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Hemp Alert: Georgia’s Hemp Farming Act Substantiates Industry – At a Cost

Georgia Hemp Market: Legitimized, but Restricted

Georgia has passed Senate Bill 494, otherwise known as the Georgia Hemp Farming Act. Business owners in the state will benefit from added clarity regarding the sale of hemp products, but as we dig in, we will find that everything is not all peachy.

Queue the sad violin music and say adios to our dear friend, THCA. You flew too close to the sun—or, at least, the governor’s office. The state of Georgia now defines THC as: tetrahydrocannabinol, tetrahydrocannabinolic acid, or a combination of tetrahydrocannabinol and tetrahydrocannabinolic acid. For business owners, this means some of your most popular products are now illegal to sell. We’ve seen THCA cause headaches (and incarcerations) for business owners in the neighboring state of South Carolina. Could Georgia be setting a precedent that works its way through the South?

Savvy business owners should see the writing on the wall: the THCA wave will come to an end sooner than later. It is important to remain updated on developments in your state to ensure compliance and that your investment choices are good for the long-term health of your business.

Now for some good news. Georgia has maintained the federally defined level of THC for hemp, which means all your Farm Act Compliant Delta-9 products are still fair game, but they are now subject to further restrictions. Chiefly, the sale of hemp-derived products, including CBD, to anyone under the age of 21 is now illegal. Treating low THC hemp products similarly to alcohol makes sense, but requiring identification to purchase some CBD dog treats to help my dachshund survive the next thunderstorm seems a little ridiculous.

Retail, wholesale, and manufacturing operators within the state are now required to obtain a license and pay fees to the Department of Agriculture. The fee structure is a sliding scale for all business types depending on the scale of their operations within the state. Retail licenses could cost anywhere from $250 to $4000 “based on the amount of consumable hemp products to be sold by the licensee” determined by the Commissioner—a little ambiguous, if you asked me. Needless to say, business owners should expect some form of annual licensing fees in order to maintain compliance moving forward. For more information regarding obtaining a license, go to the Department of Agriculture’s Hemp Program page.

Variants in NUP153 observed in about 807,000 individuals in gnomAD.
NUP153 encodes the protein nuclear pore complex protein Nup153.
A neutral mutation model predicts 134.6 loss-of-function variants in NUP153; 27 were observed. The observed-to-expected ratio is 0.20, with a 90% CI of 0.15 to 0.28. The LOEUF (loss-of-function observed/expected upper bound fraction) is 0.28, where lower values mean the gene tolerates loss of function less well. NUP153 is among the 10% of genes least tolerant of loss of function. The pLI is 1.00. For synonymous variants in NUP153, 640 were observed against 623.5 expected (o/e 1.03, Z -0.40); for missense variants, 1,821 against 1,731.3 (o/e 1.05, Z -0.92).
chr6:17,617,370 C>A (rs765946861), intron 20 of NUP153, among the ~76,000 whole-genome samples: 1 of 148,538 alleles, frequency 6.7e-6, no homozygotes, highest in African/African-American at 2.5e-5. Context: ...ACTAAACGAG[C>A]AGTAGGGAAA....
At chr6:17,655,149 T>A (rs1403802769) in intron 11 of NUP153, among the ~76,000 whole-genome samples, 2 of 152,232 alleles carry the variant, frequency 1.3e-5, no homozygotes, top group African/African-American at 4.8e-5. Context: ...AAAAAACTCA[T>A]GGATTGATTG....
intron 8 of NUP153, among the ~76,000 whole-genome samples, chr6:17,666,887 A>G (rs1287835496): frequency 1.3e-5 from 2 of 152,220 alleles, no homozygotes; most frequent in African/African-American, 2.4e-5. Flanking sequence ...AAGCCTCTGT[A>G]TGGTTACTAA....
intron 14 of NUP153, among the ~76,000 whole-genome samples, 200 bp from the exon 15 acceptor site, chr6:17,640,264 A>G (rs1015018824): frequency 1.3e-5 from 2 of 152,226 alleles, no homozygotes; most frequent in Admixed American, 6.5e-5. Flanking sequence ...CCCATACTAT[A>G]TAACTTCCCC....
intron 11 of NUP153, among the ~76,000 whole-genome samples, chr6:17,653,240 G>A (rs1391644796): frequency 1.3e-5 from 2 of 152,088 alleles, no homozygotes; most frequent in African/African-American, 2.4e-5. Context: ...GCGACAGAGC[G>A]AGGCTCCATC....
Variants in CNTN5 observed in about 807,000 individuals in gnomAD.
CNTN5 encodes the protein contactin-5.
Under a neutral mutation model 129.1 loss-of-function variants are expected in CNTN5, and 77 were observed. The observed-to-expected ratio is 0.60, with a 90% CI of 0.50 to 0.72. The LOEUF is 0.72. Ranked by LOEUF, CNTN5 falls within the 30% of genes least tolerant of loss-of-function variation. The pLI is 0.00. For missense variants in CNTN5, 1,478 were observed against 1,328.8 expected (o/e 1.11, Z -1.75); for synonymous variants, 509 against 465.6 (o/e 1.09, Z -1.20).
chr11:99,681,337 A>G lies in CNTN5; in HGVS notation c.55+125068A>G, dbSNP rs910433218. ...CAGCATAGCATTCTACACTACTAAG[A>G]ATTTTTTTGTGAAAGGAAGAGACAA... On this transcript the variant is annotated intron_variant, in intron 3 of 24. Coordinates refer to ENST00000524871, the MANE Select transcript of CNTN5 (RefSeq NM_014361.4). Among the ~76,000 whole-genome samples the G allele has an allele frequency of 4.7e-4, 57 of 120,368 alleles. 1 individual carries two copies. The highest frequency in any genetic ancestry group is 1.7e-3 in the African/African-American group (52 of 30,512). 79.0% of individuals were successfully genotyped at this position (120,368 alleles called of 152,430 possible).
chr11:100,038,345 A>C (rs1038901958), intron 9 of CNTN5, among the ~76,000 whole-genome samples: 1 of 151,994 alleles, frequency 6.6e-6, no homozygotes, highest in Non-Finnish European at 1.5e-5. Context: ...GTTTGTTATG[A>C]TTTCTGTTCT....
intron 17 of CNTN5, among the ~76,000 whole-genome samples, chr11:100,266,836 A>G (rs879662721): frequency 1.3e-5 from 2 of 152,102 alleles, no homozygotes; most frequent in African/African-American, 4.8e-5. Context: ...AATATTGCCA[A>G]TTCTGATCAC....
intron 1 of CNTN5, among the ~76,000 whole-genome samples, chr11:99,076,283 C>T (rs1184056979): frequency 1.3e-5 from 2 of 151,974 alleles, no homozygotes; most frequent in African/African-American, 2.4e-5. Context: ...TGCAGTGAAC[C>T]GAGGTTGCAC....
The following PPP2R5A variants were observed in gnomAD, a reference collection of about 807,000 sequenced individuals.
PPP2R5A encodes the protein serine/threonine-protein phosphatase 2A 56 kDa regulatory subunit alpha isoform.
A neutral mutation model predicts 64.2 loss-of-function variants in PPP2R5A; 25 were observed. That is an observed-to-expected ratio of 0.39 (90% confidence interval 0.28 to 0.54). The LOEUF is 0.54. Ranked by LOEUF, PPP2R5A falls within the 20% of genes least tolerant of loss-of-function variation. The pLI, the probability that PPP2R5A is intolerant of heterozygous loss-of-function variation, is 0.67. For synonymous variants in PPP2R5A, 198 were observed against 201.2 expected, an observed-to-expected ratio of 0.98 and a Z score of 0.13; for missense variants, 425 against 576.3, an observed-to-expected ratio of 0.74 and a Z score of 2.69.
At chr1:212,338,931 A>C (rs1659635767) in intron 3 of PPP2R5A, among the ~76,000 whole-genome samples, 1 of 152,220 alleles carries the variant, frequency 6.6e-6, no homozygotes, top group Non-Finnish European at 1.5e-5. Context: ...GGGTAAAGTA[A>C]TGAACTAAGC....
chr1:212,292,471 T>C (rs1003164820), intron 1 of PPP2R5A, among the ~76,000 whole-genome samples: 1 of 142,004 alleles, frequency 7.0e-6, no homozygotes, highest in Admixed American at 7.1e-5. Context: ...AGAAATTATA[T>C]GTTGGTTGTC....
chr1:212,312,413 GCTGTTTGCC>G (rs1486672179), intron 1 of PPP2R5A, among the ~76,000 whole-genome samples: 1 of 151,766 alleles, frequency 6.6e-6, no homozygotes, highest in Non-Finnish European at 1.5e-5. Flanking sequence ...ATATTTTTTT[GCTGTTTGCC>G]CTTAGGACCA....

Lastly, while a new House Bill would remove the hemp felon ban at a federal level, Georgia has decided to double down on the wrong side of history. Applicants seeking hemp licenses will be denied if they’ve been “involved in sale of or trafficking in a controlled substance or a felony related to a state or federally controlled substance within ten years.” What if that very substance was the Cannabis sativa plant they are now attempting to legally engage with? Precluding individuals from being a part of the hemp industry on these grounds reeks of hypocrisy. Hopefully, we will see positive movement federally which can set the stage for a more forgiving and inclusive hemp industry.

Some of this news may seem like doom and gloom for business owners, but the fact is the hemp industry is here to stay in Georgia. Regulating these products and providing a path for licensing further substantiates the hemp industry. Thanks for staying in the know with Know Naturals!

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